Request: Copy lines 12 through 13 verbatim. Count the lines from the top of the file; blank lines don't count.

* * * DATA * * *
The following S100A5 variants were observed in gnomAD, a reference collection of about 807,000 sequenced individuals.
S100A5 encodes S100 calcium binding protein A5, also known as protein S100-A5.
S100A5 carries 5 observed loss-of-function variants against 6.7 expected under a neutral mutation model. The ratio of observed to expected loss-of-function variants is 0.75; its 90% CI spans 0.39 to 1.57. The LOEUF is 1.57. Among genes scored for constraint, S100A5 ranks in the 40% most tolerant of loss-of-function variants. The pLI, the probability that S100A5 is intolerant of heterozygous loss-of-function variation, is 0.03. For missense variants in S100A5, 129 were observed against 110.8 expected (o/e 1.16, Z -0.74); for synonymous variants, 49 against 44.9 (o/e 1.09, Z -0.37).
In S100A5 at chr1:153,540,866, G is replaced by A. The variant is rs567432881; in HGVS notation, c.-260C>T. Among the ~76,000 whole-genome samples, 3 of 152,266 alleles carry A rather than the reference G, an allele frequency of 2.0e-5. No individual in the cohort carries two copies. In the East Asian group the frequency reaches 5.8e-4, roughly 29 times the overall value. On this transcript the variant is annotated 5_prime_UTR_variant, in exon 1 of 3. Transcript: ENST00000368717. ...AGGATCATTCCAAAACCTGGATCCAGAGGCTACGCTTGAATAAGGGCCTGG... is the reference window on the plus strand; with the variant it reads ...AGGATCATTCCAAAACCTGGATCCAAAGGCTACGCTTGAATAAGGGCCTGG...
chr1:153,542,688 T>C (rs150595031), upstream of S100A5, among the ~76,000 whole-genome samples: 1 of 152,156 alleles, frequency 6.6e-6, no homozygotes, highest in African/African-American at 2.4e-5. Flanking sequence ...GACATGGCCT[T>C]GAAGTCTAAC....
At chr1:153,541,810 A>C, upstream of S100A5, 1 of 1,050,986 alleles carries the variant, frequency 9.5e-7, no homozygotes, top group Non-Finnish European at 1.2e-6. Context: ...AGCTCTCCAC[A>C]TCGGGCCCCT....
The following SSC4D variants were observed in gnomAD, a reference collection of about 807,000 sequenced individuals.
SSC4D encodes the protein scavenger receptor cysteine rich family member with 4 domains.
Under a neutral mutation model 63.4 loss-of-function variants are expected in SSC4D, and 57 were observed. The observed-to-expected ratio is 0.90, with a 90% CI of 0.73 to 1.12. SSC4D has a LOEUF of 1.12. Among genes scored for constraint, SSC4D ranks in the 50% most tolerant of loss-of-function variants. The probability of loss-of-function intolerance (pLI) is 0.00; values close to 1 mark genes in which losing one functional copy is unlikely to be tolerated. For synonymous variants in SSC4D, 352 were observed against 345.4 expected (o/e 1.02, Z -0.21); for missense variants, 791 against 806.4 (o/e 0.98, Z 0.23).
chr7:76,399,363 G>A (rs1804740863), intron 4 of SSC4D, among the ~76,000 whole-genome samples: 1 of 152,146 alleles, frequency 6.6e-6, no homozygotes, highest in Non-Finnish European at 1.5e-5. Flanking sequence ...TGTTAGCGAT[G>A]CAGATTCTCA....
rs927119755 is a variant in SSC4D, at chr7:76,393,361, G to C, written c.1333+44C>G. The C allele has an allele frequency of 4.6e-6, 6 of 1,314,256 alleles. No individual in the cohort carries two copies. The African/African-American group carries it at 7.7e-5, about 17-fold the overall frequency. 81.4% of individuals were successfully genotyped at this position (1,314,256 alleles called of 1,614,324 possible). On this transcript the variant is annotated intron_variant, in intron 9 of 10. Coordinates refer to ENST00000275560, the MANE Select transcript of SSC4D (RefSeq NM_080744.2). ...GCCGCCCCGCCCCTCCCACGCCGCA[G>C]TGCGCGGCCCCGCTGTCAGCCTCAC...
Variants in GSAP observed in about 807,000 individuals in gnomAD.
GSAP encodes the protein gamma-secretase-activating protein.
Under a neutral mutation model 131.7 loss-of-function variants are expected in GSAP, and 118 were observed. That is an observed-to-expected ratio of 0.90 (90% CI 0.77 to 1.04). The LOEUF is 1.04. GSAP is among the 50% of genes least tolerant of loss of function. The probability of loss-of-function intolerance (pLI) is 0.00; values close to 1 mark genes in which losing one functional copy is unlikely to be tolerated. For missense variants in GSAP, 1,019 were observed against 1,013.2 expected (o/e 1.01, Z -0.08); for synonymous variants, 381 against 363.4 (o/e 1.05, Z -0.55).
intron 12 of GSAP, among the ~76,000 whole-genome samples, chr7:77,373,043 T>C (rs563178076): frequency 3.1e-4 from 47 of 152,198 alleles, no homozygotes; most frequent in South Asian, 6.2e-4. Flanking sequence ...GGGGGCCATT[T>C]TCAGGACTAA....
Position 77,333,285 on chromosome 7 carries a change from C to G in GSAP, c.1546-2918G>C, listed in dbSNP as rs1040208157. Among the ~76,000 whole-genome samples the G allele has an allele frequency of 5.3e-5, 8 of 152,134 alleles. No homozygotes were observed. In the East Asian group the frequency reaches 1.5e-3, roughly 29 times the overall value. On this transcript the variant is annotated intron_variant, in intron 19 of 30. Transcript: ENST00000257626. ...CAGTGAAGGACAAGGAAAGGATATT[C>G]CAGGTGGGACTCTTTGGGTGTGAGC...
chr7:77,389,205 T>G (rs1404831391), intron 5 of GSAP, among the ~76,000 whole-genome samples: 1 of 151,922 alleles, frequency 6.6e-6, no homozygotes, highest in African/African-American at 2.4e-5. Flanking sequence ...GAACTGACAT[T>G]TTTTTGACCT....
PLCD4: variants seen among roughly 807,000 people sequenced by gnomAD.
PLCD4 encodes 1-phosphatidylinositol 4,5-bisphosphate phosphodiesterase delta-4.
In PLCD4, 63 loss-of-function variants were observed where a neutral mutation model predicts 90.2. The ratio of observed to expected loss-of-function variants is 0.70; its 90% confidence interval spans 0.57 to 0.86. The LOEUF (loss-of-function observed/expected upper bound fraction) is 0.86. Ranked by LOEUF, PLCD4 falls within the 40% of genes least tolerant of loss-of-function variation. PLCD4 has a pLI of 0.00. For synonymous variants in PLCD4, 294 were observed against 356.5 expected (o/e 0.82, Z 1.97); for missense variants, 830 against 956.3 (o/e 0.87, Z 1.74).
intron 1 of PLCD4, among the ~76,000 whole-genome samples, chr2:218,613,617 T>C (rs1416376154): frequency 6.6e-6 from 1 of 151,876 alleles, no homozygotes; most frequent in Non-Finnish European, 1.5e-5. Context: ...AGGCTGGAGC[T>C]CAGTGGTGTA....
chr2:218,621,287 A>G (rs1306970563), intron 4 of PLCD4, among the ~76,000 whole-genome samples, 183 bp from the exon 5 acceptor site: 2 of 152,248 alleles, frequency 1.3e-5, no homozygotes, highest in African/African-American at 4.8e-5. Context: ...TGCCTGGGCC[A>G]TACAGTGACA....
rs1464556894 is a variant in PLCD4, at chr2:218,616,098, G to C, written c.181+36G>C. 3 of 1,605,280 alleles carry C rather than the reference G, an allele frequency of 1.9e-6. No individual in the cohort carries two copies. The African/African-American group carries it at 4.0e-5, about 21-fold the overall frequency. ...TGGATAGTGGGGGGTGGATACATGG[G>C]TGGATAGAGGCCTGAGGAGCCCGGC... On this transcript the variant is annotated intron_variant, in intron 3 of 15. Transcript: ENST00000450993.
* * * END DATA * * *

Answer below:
Variants in GSAP observed in about 807,000 individuals in gnomAD.
GSAP encodes the protein gamma-secretase-activating protein.